Daylilies forum: Buying Daylilies from Southern Vendors

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Name: Karen
Southeast PA (Zone 6b)
Celebrating Gardening: 2015
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kousa
Jan 12, 2016 10:11 AM CST
Should I worry about rust presence buying daylilies from southern vendors? How to prevent it from entering my garden? What precautions should I take? A lot places note that they have a regular spray program. Does that mean that their plants are free of rust?
Name: Sue
Ontario, Canada (Zone 4a)
Daylilies Birds Enjoys or suffers cold winters Native Plants and Wildflowers Butterflies Annuals
Region: Canadian Keeps Horses Dog Lover Plant Identifier Garden Sages
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sooby
Jan 12, 2016 10:28 AM CST
No, a spray program doesn't mean plants are free of rust. If you're concerned you can isolate new plants as far as possible from your existing plantings for a growing season so that if they get rust it will not spread as quickly. You should try not to have the new plants where the prevailing wind will blow from them to the existing plants if possible. A little more drastic is this procedure:

http://web.ncf.ca/ah748/newplants.html

However, in your zone rust would most likely not survive through a winter, especially if all foliage is killed back to the ground on all daylilies and you do not winter mulch. If the foliage isn't typically all killed back in winter then there may be a risk in some years. We usually consider Zone 7 to be borderline for daylily rust survival but winters differ.
Name: Karen
Southeast PA (Zone 6b)
Celebrating Gardening: 2015
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kousa
Jan 12, 2016 11:30 AM CST
Thank You! Sue! Will soaking the plant in a diluted bleach solution kill the rust spores?
Name: Sue
Ontario, Canada (Zone 4a)
Daylilies Birds Enjoys or suffers cold winters Native Plants and Wildflowers Butterflies Annuals
Region: Canadian Keeps Horses Dog Lover Plant Identifier Garden Sages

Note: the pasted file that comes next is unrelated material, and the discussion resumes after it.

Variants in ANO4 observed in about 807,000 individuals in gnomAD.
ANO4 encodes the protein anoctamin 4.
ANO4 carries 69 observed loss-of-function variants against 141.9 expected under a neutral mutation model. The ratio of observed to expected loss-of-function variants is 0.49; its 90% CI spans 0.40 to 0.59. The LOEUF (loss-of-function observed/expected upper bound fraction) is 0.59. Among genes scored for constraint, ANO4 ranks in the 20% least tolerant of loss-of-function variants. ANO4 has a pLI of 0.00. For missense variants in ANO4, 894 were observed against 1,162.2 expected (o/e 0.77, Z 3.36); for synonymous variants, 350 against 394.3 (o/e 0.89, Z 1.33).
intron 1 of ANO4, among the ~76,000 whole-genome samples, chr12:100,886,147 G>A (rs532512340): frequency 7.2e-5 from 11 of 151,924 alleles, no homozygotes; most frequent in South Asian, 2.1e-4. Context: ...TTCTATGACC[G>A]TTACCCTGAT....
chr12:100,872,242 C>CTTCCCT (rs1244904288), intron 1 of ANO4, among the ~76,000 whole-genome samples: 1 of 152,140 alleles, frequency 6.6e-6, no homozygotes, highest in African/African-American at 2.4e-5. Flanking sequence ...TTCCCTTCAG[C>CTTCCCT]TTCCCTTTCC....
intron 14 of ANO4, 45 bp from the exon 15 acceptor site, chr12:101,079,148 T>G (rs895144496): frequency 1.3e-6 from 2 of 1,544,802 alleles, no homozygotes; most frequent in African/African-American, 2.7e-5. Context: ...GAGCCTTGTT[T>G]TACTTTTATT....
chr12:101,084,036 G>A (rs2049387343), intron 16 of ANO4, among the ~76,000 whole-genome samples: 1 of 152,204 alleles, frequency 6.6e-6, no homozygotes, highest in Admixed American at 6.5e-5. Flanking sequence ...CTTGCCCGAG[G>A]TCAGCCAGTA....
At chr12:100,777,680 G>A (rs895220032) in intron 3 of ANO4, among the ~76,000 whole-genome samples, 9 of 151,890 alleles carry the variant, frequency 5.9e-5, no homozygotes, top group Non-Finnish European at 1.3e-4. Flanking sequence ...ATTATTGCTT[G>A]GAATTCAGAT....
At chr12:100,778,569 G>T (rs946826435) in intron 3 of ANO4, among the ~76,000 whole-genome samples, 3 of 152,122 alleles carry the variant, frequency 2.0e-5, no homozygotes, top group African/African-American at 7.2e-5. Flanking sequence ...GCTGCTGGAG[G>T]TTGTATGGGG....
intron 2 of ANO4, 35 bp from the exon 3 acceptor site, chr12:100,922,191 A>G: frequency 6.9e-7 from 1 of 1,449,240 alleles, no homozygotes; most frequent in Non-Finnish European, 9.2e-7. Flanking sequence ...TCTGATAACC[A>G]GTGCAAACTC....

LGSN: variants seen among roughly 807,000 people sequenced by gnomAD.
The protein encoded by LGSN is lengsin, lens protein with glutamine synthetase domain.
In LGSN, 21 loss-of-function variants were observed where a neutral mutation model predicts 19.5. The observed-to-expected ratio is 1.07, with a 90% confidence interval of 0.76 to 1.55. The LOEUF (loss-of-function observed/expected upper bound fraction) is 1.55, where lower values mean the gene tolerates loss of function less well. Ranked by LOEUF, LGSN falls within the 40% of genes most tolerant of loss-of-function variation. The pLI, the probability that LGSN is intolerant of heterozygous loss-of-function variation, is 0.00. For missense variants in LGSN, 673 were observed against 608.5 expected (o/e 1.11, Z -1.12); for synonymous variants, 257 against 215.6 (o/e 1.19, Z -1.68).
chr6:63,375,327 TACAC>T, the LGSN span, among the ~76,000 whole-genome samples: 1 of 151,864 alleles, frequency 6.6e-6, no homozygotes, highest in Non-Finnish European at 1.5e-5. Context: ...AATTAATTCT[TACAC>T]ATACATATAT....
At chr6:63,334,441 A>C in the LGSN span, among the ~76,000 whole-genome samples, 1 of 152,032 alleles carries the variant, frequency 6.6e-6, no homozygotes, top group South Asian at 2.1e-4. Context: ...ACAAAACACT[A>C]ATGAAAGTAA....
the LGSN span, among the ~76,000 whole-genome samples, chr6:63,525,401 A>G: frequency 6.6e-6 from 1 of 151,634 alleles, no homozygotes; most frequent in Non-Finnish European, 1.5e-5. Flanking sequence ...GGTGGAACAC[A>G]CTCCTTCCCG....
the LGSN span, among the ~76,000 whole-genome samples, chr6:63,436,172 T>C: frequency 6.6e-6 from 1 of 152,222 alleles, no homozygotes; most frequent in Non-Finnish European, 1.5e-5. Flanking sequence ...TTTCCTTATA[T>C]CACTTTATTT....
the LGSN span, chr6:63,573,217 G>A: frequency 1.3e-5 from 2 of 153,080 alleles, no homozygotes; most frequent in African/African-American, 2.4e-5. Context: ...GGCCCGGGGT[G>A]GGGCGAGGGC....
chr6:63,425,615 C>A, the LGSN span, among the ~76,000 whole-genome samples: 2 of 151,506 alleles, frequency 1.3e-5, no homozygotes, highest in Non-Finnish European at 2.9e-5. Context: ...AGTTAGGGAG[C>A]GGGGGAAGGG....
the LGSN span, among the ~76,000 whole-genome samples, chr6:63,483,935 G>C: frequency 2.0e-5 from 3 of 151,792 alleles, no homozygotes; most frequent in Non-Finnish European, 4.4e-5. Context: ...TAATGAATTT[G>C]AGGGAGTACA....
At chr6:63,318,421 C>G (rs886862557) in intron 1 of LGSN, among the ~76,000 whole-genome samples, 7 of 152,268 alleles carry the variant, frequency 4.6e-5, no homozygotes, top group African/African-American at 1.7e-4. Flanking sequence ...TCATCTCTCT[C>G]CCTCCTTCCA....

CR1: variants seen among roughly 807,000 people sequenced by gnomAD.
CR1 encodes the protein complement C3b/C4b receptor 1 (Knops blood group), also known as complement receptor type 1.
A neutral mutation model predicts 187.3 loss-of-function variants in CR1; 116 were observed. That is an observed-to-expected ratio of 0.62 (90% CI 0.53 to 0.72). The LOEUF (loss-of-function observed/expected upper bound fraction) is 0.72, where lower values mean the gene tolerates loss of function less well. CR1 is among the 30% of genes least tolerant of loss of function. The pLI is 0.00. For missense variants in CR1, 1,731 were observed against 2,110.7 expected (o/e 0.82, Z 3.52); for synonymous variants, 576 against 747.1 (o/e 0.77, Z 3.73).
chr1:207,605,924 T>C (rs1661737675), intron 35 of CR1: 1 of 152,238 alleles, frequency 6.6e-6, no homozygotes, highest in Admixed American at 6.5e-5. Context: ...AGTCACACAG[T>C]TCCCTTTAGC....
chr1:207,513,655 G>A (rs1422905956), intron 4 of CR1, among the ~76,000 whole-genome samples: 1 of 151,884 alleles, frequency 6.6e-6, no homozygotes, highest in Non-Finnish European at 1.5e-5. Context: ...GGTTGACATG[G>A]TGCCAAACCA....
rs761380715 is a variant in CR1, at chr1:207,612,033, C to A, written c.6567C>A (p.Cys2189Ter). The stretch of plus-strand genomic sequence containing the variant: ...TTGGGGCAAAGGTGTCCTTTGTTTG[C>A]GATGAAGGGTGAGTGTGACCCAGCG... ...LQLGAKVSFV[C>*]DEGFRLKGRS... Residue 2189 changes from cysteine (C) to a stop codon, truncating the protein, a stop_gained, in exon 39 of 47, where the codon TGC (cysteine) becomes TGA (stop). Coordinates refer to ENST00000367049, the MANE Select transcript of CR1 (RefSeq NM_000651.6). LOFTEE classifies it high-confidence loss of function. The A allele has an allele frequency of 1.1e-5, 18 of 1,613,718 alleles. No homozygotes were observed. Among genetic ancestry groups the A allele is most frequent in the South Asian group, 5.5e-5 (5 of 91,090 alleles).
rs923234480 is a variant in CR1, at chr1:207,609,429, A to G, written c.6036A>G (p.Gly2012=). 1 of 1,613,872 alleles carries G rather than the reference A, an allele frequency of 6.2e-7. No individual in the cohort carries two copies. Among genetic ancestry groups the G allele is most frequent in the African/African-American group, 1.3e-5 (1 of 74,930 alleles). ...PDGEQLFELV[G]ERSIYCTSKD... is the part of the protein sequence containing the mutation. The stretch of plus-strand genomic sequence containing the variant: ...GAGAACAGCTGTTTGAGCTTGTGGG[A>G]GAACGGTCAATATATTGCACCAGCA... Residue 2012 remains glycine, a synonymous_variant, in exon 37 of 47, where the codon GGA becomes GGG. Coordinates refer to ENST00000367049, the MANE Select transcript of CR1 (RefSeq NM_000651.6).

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sooby
Jan 12, 2016 12:14 PM CST
It may kill the spores that it contacts, but it may not contact any that have fallen down deep between the leaves. It will also not kill the body of the fungus inside the leaves if there is a pre-existing infection that hasn't yet produced spores on the outside. Too strong a solution and/or too long a soak can damage the plants. I haven't tested this so maybe someone who does this routinely can comment. I have tested dropping diluted bleach on a pustule and it appeared to work but another pustule later erupted right beside it.
Name: Gale
CentralWa (Zone 6a)
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GDJCB
Jan 12, 2016 12:35 PM CST
Karen, I have seen others here suggest fall orders from states that have rust. That should limit the time rust would have to spread, before winter kills it.

Gale
Name: Karen
Southeast PA (Zone 6b)
Celebrating Gardening: 2015
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kousa
Jan 12, 2016 3:23 PM CST
Thanks, Gale! That is a great idea!
Name: Pat Strong
Stone Mountain (Zone 8a)
Region: Georgia Dragonflies Ponds Cut Flowers Dahlias Birds
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Pat236
Jan 13, 2016 8:41 AM CST
Karen, I got rust from a California grower for the first time this summer. I've never gotten rust from a southern grower, but I'm fairly new to the daylily party. When I received the plants from California, I potted them up for about six weeks and there was no signs of rust what so ever. They were big, healthy and growing well. I later planted them in a small bed in my back yard and within a couple of weeks the rust exploded...infected nearly every plant in that bed. I removed as much of the rusty foliage as possible, but I didn't spray with anything. It looks like the few below freezing days have gotten rid of it completely. December was extremely warm in my area, but the last week has given us some winter like weather. I will see what happens in the spring.